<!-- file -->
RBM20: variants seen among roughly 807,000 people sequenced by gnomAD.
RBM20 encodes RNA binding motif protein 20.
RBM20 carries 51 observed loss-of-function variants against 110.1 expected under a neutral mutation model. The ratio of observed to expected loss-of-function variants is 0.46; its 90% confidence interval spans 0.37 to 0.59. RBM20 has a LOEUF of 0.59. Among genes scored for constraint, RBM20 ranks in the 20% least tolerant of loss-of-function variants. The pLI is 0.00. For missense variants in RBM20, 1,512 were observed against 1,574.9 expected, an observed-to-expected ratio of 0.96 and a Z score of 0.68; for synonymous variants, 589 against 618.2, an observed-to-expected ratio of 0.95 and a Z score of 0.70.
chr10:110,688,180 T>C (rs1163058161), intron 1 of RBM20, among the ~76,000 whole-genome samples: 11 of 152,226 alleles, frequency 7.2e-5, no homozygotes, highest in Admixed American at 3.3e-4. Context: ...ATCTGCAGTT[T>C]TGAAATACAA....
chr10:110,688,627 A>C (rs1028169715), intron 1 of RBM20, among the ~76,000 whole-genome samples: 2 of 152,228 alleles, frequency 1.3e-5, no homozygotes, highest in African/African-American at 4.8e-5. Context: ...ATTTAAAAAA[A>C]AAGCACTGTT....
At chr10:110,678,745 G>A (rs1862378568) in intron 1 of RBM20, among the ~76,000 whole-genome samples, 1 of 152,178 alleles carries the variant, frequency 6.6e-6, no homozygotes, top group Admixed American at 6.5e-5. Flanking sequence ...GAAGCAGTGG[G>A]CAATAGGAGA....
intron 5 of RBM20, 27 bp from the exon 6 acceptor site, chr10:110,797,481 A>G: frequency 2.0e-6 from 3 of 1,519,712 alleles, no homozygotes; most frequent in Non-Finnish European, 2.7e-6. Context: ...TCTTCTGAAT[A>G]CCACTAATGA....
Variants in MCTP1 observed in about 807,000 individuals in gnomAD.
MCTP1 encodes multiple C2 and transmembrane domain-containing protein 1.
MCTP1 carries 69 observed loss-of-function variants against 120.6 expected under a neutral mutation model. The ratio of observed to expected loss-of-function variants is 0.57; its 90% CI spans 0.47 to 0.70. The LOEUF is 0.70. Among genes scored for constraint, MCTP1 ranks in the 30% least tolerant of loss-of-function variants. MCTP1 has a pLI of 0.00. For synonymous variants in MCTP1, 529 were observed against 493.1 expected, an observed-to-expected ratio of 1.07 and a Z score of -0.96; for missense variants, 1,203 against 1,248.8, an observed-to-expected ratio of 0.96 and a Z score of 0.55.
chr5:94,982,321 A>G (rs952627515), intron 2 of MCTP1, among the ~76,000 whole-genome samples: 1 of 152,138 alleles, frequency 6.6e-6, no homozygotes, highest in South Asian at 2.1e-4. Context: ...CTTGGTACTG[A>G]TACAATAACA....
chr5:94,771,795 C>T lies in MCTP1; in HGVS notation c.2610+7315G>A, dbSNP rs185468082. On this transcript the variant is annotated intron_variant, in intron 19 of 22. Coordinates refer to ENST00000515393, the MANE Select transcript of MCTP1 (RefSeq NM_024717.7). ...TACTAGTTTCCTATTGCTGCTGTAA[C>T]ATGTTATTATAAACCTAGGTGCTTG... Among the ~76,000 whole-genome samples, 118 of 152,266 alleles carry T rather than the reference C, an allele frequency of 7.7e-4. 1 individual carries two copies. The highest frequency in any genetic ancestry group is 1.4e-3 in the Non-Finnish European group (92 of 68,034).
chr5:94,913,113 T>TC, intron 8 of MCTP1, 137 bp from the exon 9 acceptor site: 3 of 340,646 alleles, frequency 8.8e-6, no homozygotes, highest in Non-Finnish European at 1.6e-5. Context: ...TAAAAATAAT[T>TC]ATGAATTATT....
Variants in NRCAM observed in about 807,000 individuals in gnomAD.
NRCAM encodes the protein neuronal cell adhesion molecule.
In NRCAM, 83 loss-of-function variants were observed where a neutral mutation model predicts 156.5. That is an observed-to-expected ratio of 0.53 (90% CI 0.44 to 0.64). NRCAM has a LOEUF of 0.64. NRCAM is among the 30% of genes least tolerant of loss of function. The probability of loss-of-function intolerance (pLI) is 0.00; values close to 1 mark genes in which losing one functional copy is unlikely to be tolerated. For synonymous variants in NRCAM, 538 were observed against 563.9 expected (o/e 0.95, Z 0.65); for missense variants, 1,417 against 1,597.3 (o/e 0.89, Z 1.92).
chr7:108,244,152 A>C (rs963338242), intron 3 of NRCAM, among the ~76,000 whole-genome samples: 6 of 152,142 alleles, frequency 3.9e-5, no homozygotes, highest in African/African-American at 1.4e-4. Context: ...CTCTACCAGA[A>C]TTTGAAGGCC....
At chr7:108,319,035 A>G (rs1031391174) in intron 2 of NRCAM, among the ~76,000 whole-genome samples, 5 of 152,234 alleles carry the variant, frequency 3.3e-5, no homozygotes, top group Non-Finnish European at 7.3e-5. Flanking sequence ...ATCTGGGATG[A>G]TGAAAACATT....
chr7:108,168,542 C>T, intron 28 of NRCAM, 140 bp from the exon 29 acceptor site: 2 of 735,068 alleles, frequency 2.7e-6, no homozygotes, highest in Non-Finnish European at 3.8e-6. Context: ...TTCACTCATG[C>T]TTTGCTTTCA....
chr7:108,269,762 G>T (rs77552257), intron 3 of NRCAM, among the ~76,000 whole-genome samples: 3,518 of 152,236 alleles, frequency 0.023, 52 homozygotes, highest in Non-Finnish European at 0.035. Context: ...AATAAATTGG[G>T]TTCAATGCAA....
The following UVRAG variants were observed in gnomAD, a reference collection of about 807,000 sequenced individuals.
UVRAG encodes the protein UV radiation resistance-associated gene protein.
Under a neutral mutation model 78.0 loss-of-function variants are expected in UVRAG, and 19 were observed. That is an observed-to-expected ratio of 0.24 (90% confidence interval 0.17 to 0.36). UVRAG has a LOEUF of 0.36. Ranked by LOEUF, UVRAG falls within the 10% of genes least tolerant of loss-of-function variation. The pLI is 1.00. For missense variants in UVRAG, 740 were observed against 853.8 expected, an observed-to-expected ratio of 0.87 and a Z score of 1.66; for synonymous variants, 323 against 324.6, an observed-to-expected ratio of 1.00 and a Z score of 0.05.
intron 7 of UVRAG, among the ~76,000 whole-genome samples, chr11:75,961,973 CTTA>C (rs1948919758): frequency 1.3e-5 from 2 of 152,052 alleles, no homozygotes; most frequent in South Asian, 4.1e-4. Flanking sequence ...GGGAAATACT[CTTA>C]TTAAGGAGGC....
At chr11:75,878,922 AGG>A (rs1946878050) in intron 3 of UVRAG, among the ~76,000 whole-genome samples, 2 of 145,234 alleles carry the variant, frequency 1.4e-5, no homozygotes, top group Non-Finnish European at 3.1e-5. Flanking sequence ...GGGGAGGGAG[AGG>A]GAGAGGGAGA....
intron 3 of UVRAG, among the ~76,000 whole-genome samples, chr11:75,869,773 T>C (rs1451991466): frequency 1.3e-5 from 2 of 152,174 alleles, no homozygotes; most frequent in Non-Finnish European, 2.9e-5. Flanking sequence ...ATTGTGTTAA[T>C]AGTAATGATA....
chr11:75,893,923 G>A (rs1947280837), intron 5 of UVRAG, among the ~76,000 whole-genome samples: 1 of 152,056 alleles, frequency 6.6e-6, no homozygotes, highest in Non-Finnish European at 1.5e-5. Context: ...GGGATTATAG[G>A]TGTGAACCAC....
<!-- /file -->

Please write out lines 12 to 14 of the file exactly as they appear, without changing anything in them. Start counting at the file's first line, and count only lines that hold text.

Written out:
chr5:94,771,795 C>T lies in MCTP1; in HGVS notation c.2610+7315G>A, dbSNP rs185468082. On this transcript the variant is annotated intron_variant, in intron 19 of 22. Coordinates refer to ENST00000515393, the MANE Select transcript of MCTP1 (RefSeq NM_024717.7). ...TACTAGTTTCCTATTGCTGCTGTAA[C>T]ATGTTATTATAAACCTAGGTGCTTG... Among the ~76,000 whole-genome samples, 118 of 152,266 alleles carry T rather than the reference C, an allele frequency of 7.7e-4. 1 individual carries two copies. The highest frequency in any genetic ancestry group is 1.4e-3 in the Non-Finnish European group (92 of 68,034).
chr5:94,913,113 T>TC, intron 8 of MCTP1, 137 bp from the exon 9 acceptor site: 3 of 340,646 alleles, frequency 8.8e-6, no homozygotes, highest in Non-Finnish European at 1.6e-5. Context: ...TAAAAATAAT[T>TC]ATGAATTATT....
Variants in NRCAM observed in about 807,000 individuals in gnomAD.